Once the appropriate interface has been selected, the sleep technologist can properly fit the mask on the patient. A nasal mask placed too high above the bridge of the nose may cause air to leak and irritate the patient’s eyes. Proper fitting of the lower portion of the nasal mask is evidenced by contact just above the upper lip. Nasal pillows gently lie inside the outer surface of the nostrils, whereas a full face mask should be applied from the fold of the chin first with the mouth relaxed/slightly open, then completed on the bridge of the nose.


Keeping clean contact between the mask and patient can also influence mask fit. Oily skin, makeup, or even a dirty interface may result in a leaky mask. The sleep technologist can encourage the patient to wash their face with mild soap and warm water. This would remove excess oil from their skin and provide a clean contact surface.


Once the mask fitting tips have been successfully completed, allow the patient to experience the air pressure while going through a quick desensitization process. PAP practice may take time for the patient to acclimate to the new experience. Allowing the patient to hold the mask, without the headgear, may provide a sense of control. Once accustomed to the pressure, apply the headgear and encourage the patient to lie in their normal sleep position. The sleep technologist can now leave the patient and observe the leak value, noting that headgear adjustments might be necessary to resolve a high mask leak. Acceptable leak is based on the manufacturer’s recommendation, which is dependant on the mask type and the sleep technologist following sleep lab protocol.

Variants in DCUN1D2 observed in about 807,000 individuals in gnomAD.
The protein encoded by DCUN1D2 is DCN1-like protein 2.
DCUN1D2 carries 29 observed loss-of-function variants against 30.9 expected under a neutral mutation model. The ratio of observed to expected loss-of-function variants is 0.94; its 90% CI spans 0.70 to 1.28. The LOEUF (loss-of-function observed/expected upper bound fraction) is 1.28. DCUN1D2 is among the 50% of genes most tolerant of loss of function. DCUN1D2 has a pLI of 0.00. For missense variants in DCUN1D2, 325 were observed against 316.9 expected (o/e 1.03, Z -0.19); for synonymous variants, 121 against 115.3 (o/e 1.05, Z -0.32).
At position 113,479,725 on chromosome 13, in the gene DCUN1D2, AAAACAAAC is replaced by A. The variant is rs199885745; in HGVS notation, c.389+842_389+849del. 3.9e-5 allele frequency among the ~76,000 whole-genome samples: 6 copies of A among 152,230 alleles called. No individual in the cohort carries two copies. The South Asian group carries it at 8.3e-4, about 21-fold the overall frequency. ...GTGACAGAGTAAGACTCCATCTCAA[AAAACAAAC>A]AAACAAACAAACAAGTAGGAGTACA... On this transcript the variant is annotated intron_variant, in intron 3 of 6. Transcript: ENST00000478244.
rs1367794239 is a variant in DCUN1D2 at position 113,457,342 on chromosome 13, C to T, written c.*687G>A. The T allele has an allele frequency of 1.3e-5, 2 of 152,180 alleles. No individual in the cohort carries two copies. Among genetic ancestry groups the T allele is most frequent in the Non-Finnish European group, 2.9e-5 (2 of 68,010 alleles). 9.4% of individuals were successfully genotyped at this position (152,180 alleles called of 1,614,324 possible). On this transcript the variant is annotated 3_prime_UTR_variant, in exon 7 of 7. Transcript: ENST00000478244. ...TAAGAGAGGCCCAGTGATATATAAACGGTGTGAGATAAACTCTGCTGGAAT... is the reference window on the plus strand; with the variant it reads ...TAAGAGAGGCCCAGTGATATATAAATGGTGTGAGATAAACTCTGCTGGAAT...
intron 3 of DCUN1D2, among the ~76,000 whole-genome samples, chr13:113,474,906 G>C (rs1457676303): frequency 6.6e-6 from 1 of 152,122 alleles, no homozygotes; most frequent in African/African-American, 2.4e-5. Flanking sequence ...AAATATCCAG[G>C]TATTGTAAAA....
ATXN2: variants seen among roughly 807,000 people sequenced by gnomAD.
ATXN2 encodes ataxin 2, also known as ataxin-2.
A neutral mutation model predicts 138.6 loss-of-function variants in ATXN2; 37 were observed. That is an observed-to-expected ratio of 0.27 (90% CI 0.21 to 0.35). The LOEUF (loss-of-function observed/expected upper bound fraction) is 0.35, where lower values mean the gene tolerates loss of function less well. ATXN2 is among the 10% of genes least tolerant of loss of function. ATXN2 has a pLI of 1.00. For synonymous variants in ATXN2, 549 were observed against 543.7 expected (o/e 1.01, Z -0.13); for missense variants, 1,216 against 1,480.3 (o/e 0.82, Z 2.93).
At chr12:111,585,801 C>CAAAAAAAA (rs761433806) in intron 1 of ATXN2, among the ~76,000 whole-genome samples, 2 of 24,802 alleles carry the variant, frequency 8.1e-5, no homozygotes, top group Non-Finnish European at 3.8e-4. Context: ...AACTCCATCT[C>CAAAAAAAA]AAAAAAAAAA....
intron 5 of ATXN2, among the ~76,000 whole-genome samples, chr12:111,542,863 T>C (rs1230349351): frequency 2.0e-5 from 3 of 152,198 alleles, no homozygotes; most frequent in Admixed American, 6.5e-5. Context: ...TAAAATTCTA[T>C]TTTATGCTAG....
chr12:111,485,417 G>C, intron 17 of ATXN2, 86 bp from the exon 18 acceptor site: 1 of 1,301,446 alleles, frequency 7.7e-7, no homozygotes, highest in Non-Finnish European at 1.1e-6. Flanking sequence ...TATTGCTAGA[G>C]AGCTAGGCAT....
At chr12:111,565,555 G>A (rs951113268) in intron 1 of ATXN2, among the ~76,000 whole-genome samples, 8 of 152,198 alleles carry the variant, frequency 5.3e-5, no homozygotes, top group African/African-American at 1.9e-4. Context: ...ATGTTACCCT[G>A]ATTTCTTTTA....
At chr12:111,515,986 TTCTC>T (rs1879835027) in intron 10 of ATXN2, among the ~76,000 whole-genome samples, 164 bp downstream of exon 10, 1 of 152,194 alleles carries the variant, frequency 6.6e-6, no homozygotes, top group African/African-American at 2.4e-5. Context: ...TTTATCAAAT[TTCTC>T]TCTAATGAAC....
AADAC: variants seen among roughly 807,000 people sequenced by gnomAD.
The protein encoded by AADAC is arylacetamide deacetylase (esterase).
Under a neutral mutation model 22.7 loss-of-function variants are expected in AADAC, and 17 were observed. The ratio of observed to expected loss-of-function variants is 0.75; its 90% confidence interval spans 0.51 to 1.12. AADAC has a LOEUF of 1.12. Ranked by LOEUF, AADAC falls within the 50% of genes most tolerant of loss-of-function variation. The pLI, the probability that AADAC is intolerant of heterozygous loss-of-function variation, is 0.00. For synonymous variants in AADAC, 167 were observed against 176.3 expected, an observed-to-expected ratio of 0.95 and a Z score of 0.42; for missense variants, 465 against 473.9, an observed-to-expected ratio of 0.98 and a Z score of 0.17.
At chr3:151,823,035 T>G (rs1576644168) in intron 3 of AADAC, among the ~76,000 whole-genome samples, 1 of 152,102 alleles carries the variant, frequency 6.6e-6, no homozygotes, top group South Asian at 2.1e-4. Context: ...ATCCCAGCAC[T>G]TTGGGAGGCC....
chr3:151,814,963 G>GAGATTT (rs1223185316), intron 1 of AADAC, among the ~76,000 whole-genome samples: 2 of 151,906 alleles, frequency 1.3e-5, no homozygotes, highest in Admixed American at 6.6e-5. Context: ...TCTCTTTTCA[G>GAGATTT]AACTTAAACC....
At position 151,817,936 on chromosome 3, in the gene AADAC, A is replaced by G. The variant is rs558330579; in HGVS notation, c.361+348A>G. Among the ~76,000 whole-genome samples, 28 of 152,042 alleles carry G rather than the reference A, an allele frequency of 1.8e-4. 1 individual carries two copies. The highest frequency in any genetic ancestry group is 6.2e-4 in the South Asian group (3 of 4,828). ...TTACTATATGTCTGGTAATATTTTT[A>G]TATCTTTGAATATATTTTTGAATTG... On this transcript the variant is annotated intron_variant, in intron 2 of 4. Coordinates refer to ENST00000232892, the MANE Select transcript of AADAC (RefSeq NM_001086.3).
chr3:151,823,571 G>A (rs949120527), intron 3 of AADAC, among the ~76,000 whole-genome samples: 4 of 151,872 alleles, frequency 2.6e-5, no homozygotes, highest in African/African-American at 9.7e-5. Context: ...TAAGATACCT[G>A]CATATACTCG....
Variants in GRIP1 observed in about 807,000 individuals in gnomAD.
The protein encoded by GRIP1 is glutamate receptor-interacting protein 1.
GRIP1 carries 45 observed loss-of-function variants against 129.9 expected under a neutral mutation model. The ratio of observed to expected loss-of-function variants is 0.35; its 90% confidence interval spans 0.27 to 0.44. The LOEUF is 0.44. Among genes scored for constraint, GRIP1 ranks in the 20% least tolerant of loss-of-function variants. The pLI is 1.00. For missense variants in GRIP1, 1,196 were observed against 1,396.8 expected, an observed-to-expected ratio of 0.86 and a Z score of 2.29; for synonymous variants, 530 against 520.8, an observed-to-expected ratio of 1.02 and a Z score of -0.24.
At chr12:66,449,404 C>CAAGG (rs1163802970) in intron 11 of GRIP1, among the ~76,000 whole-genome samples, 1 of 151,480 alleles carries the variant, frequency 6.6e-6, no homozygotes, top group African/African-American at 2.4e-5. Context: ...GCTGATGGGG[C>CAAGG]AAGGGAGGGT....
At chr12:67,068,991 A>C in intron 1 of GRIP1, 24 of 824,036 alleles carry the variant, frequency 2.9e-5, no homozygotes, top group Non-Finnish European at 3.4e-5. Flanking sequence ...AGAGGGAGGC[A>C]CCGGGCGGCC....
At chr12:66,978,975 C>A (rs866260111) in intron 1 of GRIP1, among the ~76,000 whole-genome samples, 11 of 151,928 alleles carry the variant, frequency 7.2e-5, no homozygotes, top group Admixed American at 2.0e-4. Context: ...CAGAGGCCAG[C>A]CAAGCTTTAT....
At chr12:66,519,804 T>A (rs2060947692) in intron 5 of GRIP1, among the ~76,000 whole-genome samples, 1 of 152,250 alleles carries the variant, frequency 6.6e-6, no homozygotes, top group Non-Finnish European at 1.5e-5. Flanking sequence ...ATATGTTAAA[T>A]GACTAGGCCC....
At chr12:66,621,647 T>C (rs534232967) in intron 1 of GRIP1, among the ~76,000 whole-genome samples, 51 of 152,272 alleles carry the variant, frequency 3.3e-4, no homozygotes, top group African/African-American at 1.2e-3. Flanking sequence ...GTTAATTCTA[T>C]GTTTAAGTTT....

The overall success of PAP therapy requires flexibility and patience from the sleep technologist. While selecting and fitting the mask, the technologist can obtain sleep information that can prove useful during a PAP titration. Relevant information, such as normal sleep position, number of trips to the bathroom, and bedtime medications, can provide insight about the patient’s typical nighttime routine. A trip to the restroom during the study may provide an opportunity to notice early signs of pressure sores, make minor adjustments, or even change the mask type. Taking advantage of appropriate times to assess the patient’s needs without interrupting sleep will further enhance the patient’s “first impression” experience to maximize PAP therapy.

In the spring of 2008, the American Academy of Sleep Medicine (AASM) published “Clinical Guidelines for the Manual Titration of Positive Airway Pressure with Obstructive Sleep Apnea,” which states that “All potential PAP titration candidates should receive adequate PAP education, hands on demonstration, careful mask fitting, and acclimatization prior to titration.” By following AASM guidelines and continuing to refine your mask fitting skills, you can help put an end to CPAP noncompliance.

Emmanuel J. Porquez, RPSGT, has been affiliated with the Atlanta School of Sleep Medicine and Technology since 2004, where he has taught and participated in physician’s board reviews, technician’s board reviews, and technician’s A-STEP program, including lecturing in pediatric courses. He currently works for Children’s Healthcare of Atlanta. Contact the author at [email protected].